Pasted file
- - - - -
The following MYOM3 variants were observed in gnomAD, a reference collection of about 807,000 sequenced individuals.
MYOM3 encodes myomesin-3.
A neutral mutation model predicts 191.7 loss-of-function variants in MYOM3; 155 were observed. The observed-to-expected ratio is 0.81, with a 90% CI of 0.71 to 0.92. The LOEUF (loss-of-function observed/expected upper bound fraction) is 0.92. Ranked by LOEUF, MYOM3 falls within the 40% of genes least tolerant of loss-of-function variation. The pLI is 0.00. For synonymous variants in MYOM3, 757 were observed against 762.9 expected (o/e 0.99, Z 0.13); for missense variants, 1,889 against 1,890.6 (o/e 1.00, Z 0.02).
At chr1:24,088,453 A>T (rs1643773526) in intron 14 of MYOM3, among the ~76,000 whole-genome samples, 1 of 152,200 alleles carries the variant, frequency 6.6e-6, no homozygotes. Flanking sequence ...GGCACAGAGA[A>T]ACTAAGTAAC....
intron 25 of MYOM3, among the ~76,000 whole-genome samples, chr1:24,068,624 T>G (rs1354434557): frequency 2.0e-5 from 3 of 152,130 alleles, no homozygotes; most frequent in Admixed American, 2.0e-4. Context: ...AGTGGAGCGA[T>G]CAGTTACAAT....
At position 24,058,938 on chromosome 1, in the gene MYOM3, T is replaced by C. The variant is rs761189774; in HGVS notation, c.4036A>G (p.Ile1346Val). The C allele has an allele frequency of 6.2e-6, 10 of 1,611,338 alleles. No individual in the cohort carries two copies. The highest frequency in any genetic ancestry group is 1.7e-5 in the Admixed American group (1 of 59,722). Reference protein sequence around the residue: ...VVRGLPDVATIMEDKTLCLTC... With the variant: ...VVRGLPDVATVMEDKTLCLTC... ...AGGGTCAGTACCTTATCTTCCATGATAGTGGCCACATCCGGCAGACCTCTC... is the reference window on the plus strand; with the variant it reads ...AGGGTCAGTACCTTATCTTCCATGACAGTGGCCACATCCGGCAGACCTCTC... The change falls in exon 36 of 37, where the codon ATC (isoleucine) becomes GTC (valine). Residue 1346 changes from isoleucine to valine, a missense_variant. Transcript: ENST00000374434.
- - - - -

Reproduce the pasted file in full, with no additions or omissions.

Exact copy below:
The following MYOM3 variants were observed in gnomAD, a reference collection of about 807,000 sequenced individuals.
MYOM3 encodes myomesin-3.
A neutral mutation model predicts 191.7 loss-of-function variants in MYOM3; 155 were observed. The observed-to-expected ratio is 0.81, with a 90% CI of 0.71 to 0.92. The LOEUF (loss-of-function observed/expected upper bound fraction) is 0.92. Ranked by LOEUF, MYOM3 falls within the 40% of genes least tolerant of loss-of-function variation. The pLI is 0.00. For synonymous variants in MYOM3, 757 were observed against 762.9 expected (o/e 0.99, Z 0.13); for missense variants, 1,889 against 1,890.6 (o/e 1.00, Z 0.02).
At chr1:24,088,453 A>T (rs1643773526) in intron 14 of MYOM3, among the ~76,000 whole-genome samples, 1 of 152,200 alleles carries the variant, frequency 6.6e-6, no homozygotes. Flanking sequence ...GGCACAGAGA[A>T]ACTAAGTAAC....
intron 25 of MYOM3, among the ~76,000 whole-genome samples, chr1:24,068,624 T>G (rs1354434557): frequency 2.0e-5 from 3 of 152,130 alleles, no homozygotes; most frequent in Admixed American, 2.0e-4. Context: ...AGTGGAGCGA[T>G]CAGTTACAAT....
At position 24,058,938 on chromosome 1, in the gene MYOM3, T is replaced by C. The variant is rs761189774; in HGVS notation, c.4036A>G (p.Ile1346Val). The C allele has an allele frequency of 6.2e-6, 10 of 1,611,338 alleles. No individual in the cohort carries two copies. The highest frequency in any genetic ancestry group is 1.7e-5 in the Admixed American group (1 of 59,722). Reference protein sequence around the residue: ...VVRGLPDVATIMEDKTLCLTC... With the variant: ...VVRGLPDVATVMEDKTLCLTC... ...AGGGTCAGTACCTTATCTTCCATGATAGTGGCCACATCCGGCAGACCTCTC... is the reference window on the plus strand; with the variant it reads ...AGGGTCAGTACCTTATCTTCCATGACAGTGGCCACATCCGGCAGACCTCTC... The change falls in exon 36 of 37, where the codon ATC (isoleucine) becomes GTC (valine). Residue 1346 changes from isoleucine to valine, a missense_variant. Transcript: ENST00000374434.